peasantry

noun
peas·​ant·​ry | \ ˈpe-zᵊn-trē How to pronounce peasantry (audio) \

Definition of peasantry

2 : the position, rank, or behavior of a peasant

Examples of peasantry in a Sentence

Recent Examples on the Web The peasants who remained in the countryside were often able to take their pick of unused land, increasing the power of the landed peasantry and boosting the rural economy. National Geographic, "Indeed, historians have argued that the Black Death paved the way for a new wave of opportunity, creativity, and wealth from which would flourish the art, culture, and ideas of the Renaissance, and the beginnings of a recognizably modern Europe.," 23 Apr. 2020 Some 50,000 French soldiers are stationed nearby; supplying them leaves little food for the peasantry. The Economist, "A Flemish Robin Hood Armchair travel and “Thieves of the Wood”," 8 Apr. 2020 Marxism in its origins primarily focused on the industrial proletariat, but Mao’s model, unlike the one that guided Lenin and the Russian revolutionaries to victory, suggested that the peasantry could become the revolutionary social class. Julian Gewirtz, Harper's Magazine, "To Rebel Is Justified," 30 Mar. 2020 Virtually all the books, however, demonstrate Simenon’s lasting fondness for and understanding of the country peasantry and the urban working classes. Vince Passaro, Harper's magazine, "Maigret All Day," 22 July 2019 Then-leader Mao Zedong had ordered educated youth from politically influential families to be sent to the countryside to learn from the peasantry. Washington Post, "Trusted Xi ally a rising influence on China’s foreign policy," 19 May 2018 Karl Marx famously argued that the enclosure of common agricultural lands for private grazing, shutting out and impoverishing the peasantry, created a supply of labor for industry in towns: the first proletariat. Heather Souvaine Horn, The New Republic, "A System in Denial," 16 Apr. 2018 Virtually all the books, however, demonstrate Simenon’s lasting fondness for and understanding of the country peasantry and the urban working classes. Vince Passaro, Harper's magazine, "Maigret All Day," 22 July 2019 Then-leader Mao Zedong had ordered educated youth from politically influential families to be sent to the countryside to learn from the peasantry. Washington Post, "Trusted Xi ally a rising influence on China’s foreign policy," 19 May 2018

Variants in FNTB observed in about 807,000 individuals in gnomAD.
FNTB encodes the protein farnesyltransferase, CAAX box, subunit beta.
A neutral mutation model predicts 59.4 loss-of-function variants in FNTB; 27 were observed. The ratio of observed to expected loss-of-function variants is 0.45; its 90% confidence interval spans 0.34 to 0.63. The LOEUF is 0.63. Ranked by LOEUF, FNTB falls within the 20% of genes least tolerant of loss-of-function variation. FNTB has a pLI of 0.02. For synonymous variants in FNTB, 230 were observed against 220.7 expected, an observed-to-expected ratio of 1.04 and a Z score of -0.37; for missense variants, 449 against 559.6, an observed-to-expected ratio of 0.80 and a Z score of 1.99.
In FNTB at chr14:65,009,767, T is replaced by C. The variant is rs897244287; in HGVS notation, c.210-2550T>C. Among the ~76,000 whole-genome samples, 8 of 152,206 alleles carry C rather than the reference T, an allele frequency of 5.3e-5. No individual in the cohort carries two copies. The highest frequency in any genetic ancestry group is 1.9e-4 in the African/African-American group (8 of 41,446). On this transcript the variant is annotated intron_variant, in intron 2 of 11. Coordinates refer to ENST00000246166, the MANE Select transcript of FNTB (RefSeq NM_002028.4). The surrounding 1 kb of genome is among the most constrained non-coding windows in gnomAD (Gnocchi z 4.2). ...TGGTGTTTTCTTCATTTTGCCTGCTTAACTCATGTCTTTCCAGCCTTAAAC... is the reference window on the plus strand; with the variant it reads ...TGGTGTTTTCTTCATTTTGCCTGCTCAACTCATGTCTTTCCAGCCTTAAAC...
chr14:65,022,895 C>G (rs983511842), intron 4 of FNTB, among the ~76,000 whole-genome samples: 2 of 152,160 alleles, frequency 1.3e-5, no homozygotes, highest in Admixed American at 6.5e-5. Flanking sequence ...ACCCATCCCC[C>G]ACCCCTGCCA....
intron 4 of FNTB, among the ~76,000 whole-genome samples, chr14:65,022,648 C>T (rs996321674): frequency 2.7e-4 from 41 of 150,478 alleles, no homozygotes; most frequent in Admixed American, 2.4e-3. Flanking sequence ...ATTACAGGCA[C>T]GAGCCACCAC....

These example sentences are selected automatically from various online news sources to reflect current usage of the word 'peasantry.' Views expressed in the examples do not represent the opinion of Merriam-Webster or its editors. Send us feedback.

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First Known Use of peasantry

circa 1553, in the meaning defined at sense 1

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The first known use of peasantry was circa 1553

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Cite this Entry

“Peasantry.” Merriam-Webster.com Dictionary, Merriam-Webster, https://www.merriam-webster.com/dictionary/peasantry. Accessed 12 Aug. 2020.

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